Greater Daytona Region Prepares Students for Future Careers
Volusia County schools and colleges offer students the pathway to success with top-notch training.
A cornerstone of the Greater Daytona Region’s economic success is its highly skilled workforce and steady pipeline of talent available to businesses.
Behind the region’s overflowing talent pool is Volusia County Schools (VCS), which prepares students for college and in-demand, local careers, and a network of higher education institutions that partners with businesses to provide students with industry-specific skills.
The Greater Daytona Region boasts seven higher education institutions, including Embry-Riddle Aeronautical University, one of the world’s top aerospace and aviation educators, and Stetson University, which has been named one of the nation’s best colleges by U.S. News & World Report.
The region’s workforce development efforts are bolstered by a roster of career and technical state colleges.
Daytona State College (DSC), for example, offers more than 100 certificate, associate and bachelor’s degree programs in areas such as engineering, education and nursing. Plus, DSC offers customized short-term training, conferences, seminars and technical assistance to businesses through its Center for Business and Industry, Small Business Development Center, School of Workforce Training and School of Adult Education.
“Professionals from across the region and state rely on DSC for its licensing and professional certifications in areas such as health care, business, law enforcement and public safety,â€ says Chris Thomes, DSC’s marketing director and public information officer.
DSC is able to quickly respond to the region’s workforce needs by expanding programs as necessary. In fact, the need to expand area business classes is leading the college to create its 12th bachelor’s degree program – a bachelor of science in accounting.
Another way DSC helps meet the region’s workforce needs is by partnering with VCS to introduce students at an early age to local, in-demand careers.
“Faculty and staff from broad segments across the college visit local middle and high school classrooms to show them how their interests and education can blend together for rewarding and challenging careers,â€ Thomes says. “College recruiters interact with students at college fairs and local community events, sharing the various pathways they can take to earn degrees that match their career interests. Students can also earn college credit for free through dual enrollment classes, giving them a tremendous head start as they begin the career-exploration process.”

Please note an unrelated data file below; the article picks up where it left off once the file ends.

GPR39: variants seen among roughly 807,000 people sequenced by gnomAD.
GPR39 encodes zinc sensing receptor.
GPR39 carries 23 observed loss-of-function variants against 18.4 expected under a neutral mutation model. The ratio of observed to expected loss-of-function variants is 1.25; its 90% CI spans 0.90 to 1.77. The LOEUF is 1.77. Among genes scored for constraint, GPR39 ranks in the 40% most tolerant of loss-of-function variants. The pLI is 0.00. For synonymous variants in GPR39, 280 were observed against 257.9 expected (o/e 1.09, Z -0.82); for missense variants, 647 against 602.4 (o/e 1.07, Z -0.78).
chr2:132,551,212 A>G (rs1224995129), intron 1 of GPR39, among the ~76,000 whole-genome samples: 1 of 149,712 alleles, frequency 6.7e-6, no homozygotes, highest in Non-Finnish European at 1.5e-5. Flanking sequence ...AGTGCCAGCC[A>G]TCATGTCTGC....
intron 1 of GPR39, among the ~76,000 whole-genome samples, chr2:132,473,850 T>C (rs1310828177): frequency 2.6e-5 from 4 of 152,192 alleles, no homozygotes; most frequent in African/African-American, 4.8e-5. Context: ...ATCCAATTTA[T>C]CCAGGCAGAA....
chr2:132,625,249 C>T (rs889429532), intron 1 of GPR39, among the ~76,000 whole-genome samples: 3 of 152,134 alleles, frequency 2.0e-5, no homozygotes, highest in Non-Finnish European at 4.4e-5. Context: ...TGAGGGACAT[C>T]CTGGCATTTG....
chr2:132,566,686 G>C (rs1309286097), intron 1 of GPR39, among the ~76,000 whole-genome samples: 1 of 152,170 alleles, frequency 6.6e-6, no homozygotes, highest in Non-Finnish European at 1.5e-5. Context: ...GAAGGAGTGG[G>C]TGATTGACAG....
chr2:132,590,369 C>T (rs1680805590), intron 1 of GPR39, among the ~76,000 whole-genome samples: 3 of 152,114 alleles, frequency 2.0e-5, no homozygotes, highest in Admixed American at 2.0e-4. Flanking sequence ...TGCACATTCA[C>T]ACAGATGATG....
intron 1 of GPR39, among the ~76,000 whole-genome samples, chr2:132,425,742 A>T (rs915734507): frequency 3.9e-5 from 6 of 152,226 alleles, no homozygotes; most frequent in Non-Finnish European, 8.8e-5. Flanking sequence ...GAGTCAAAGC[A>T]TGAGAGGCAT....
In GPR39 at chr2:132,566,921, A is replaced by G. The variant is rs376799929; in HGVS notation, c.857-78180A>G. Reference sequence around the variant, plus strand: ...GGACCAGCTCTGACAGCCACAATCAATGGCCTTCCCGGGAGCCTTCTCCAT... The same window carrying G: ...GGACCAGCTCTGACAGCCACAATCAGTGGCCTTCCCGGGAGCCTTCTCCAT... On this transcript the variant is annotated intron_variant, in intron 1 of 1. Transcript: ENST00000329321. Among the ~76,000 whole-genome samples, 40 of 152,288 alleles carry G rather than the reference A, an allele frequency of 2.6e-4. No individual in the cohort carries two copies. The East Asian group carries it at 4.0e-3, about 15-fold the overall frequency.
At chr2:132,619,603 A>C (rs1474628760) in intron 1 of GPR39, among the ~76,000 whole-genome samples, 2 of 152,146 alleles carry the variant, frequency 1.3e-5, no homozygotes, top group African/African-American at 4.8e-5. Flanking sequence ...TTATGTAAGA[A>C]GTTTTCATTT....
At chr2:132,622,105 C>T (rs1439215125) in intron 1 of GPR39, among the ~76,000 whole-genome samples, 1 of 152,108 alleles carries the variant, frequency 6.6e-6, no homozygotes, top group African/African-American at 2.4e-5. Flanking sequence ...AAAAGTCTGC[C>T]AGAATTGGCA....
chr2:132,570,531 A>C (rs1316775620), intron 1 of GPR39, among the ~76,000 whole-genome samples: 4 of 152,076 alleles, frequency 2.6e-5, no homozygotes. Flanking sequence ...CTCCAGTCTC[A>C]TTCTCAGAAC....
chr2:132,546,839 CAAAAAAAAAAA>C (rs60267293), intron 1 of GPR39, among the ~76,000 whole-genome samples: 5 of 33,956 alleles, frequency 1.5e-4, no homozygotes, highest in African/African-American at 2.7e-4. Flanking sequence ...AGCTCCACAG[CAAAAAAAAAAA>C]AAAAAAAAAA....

VCS also gives students a head start through its robust Career and Technical Education (CTE) programs, including 41 career academies focused on concentrated areas of study, such as law and government, engineering, communications, health services, or design and manufacturing. VCS also offers 37 industry- recognized credentials that align with 13 of the 17 career clusters recognized by the Florida Department of Education. Plus, two high schools within the system, DeLand and Spruce Creek, offer the International Baccalaureate program of study, a two-year curriculum that exposes students to other nations’ education systems while allowing them to earn college credit.
Ready for the Workforce
“In the high school classroom, students are learning necessary skills to transfer to their future careers. Hard and soft skills are practiced through work-based applications with community partners,â€ says Rachel Rutledge, CTE coordinator for Volusia County Schools.
Rutledge says students are introduced to CTE as early as middle school through exploratory classes.
“These courses help younger students make decisions on appropriate career paths. In high school, students have specialized classes that teach them to work collaboratively and find solutions to problems,â€ she says. “Students may have paths that lead immediately to work, postsecondary training or a degree.”
In 2019 alone, 710 VCS seniors graduated with at least one industry certification, and more than 100 earned their associate of arts or associate of science degrees before earning their high school diploma.
“Academies and CTE programs in the district are providing the knowledge and skills for students to make educated decisions about careers in our community,â€ she says.